We tend to think of it as a relatively recent phenomena, but this idea of being “true to ourselves” is a form of relativism, and it’s been around a lot longer than most of us would think. The phrase actually goes back to a Johann Gottfried Herder, who wrote to his fiancee, Caroline Flachsland in 1772:

All our actions should be self-determined, in accordance with our innermost character—we must be true to ourselves.

Peter and the Deity of Christ

Who Jesus is, is the central question of human existence. If he was who he said he was, and if he is who the Council of Nicea in 325 said he was and declared by orthodox Christians ever since:

God from God,
Light from Light,
true God from true God,
begotten, not made;
of the same essence as the Father.

Then all of existence is determined by this fact. Jesus commands our allegiance, and our worship, because he is God, not just a great moral teacher or religious leader.

The Growth of the “Nones” Is No Threat to Our Kids Faith

The title of a recent piece at Scientific American tells us the “Nones” juggernaut continues:

College Freshmen Are Less Religious Than Ever: Data from a nationwide survey shows students who list their affiliation as “none” has skyrocketed

“Nones” are people who when surveyed about their religious affiliation pick “None of the above.” What this means is that our culture will continue to get more secular as religion gets less important to more people over time. Those who applaud the increasing secularization of America hope we eventually turn out like Europe where churches are empty, and those who take their Christianity seriously are a curiosity.

The Logic of Atheism Drove This Scholar to Jesus

Logic is an amazing feature of the universe God created, but one that is unfortunately often ignored. It is no longer taught in public schools, which is obvious from the tenor of public debates over politics and religion. And those of us who attend weekly worship services at our local church also get very little, if any, teaching about logic. But if we are to think well and critically through life, logic is indispensable, especially in a hostile, post-Christian Western culture. (The one encouraging bright spot in this logical wasteland is the growth of Christian (and public charter) classical education, but it’s only a drop in a very large bucket at this point.)

Most people tend to think that logic drives people away from Christian faith, but logic is in fact one of our faith’s most powerful allies. I recently learned about an atheist turned Christian who found this out much to her surprise. Sarah Irving-Stonebraker was once a committed atheist, and she tells her story of coming to embrace the Christian message in a piece at The Veritas Forum. Growing up in a “loving, secular home,” as she puts it, she just knew that “Christians were anti-intellectual and self-righteous.” She doesn’t seem to have known any Christians at the time, but that is the perception in the Western cultural air we breathe.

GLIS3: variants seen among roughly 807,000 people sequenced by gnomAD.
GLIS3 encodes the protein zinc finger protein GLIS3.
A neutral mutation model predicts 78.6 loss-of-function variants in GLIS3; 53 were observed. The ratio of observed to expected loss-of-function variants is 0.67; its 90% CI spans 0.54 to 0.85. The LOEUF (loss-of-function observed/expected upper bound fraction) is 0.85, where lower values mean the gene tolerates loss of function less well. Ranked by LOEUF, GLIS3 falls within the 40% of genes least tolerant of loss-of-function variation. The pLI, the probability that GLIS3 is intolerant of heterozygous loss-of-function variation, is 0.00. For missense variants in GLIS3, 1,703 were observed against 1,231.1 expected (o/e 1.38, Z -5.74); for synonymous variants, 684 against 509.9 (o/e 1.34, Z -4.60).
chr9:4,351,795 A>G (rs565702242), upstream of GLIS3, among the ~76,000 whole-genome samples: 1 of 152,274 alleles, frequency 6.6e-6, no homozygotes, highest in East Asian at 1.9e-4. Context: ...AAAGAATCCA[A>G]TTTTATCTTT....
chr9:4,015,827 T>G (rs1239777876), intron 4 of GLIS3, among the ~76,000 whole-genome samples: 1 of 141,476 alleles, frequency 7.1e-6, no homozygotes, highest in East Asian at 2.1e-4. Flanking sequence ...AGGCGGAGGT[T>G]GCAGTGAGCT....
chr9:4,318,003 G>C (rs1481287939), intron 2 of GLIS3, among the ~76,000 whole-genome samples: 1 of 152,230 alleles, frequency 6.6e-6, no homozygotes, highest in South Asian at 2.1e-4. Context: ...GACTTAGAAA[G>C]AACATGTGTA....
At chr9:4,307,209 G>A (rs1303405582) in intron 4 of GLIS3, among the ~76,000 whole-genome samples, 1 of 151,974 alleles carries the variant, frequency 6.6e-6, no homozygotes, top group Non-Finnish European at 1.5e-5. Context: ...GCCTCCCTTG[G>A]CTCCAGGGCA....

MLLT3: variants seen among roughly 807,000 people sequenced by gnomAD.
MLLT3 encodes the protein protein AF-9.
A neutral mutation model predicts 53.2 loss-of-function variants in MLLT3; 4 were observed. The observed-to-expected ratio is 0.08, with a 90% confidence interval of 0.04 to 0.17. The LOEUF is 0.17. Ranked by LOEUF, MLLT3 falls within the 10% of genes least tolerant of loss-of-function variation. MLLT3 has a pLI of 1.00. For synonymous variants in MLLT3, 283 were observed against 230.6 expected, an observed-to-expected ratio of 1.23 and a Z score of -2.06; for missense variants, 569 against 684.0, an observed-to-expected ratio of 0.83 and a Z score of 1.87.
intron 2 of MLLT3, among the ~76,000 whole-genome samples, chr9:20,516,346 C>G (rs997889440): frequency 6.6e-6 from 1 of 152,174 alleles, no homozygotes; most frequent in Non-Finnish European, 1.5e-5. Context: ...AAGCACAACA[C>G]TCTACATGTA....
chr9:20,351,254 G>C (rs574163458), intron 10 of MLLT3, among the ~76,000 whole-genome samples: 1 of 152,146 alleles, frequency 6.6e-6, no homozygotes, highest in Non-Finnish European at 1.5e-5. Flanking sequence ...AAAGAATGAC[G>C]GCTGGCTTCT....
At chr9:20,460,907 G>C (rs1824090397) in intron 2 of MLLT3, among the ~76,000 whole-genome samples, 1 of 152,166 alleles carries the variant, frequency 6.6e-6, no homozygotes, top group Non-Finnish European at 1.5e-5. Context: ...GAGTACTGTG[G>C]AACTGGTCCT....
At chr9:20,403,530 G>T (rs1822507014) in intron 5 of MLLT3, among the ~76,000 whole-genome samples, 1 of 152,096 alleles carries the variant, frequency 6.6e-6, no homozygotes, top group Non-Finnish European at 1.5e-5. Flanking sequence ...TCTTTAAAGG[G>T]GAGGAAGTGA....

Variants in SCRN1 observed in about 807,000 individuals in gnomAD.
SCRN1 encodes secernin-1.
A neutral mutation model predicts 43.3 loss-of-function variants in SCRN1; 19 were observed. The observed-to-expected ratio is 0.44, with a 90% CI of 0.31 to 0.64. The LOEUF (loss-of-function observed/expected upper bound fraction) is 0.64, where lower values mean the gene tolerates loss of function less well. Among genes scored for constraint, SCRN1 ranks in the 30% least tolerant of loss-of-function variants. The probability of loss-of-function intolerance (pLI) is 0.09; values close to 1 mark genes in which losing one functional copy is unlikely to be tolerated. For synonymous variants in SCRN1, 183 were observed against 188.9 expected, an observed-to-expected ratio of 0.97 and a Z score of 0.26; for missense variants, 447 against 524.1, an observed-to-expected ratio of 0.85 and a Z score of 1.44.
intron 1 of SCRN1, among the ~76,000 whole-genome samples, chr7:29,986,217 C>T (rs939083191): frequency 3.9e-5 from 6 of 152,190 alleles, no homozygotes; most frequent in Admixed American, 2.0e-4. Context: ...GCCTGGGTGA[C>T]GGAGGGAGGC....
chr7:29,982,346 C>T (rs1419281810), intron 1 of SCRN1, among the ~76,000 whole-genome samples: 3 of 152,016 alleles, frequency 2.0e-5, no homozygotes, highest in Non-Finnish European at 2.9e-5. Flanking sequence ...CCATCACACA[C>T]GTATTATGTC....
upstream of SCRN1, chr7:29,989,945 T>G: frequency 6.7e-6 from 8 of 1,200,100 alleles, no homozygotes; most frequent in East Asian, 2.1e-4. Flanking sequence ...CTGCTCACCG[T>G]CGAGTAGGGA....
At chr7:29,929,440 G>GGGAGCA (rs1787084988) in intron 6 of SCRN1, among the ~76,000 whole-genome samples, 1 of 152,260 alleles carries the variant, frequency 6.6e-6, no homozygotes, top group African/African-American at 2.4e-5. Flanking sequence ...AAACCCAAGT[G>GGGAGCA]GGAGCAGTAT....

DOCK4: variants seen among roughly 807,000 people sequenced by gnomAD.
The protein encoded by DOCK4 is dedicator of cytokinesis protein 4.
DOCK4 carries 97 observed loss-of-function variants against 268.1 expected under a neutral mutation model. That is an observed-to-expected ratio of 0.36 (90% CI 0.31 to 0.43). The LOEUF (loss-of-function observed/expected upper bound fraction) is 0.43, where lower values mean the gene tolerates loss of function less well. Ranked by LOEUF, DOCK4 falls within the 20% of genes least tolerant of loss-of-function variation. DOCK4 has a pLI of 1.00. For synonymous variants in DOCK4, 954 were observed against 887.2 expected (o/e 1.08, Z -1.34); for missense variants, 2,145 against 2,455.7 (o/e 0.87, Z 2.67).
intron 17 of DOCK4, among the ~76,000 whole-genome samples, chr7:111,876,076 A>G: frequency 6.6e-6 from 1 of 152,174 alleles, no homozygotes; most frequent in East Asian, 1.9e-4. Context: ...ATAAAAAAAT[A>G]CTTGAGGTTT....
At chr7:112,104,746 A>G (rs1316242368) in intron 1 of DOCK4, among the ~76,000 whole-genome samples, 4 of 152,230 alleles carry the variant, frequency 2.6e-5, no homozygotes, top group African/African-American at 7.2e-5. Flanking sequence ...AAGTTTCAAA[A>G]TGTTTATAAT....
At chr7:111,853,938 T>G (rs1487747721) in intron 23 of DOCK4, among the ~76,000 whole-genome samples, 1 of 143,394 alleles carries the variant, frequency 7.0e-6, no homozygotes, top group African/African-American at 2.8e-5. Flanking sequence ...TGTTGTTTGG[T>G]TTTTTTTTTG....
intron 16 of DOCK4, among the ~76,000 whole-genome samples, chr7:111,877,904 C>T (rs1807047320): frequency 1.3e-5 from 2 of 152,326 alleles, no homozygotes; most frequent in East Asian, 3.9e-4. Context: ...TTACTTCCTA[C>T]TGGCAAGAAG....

Bob Dylan And His Classical Education

Although I’ve never been a big fan of Bob Dylan, I’ve always appreciated his genius, and especially his ability to capture the cultural Zeitgeist. A piece by Rod Dreher titled “Bob Dylan On The Road To Damascus” explains why he was so good at this. We learn from Dylan’s Nobel Prize speech that several books he read in grammar school,  Moby Dick, All Quiet on the Western Front, and The Odyssey, among others, influenced the way he saw the world, and thus wrote lyrics. Dreher comments that

He goes on to discuss those three novels, and how they affected his understanding of the world, and in turn, his music. One of the greatest popular musicians of the 20th century, the recipient of the Nobel Prize in Literature, got his start in what we now call classical education — one that gives the student “a way of looking at life, an understanding of human nature, and a standard to measure things by.”

The Epidemic of Unexamined Assumptions

Given I’m a fan of popular culture, and a student of it’s influence on, and reflection of, the worldview of the people in that culture, I was very eager to read a piece titled Questioning the Gods: How TV’s Tackling Belief and Religion. The article perfectly captures a certain epistemology that is at the heart of how people understand the world in our secular, post-modern relativist culture.

When Keeping Your Kids Christian gets published, you will see that I’m a big fan of identifying assumptions within the culture, in discussions with others, and in our own thinking. Unexamined assumptions are an epidemic today. While everyone knows what assumptions are, most people don’t think they have any! Many Christians think this way too. But once we learn to question assumptions, many things become clear that once seemed opaque. As we uncover hidden assumptions we clarify thoughts and arguments to see if the logic holds up under scrutiny.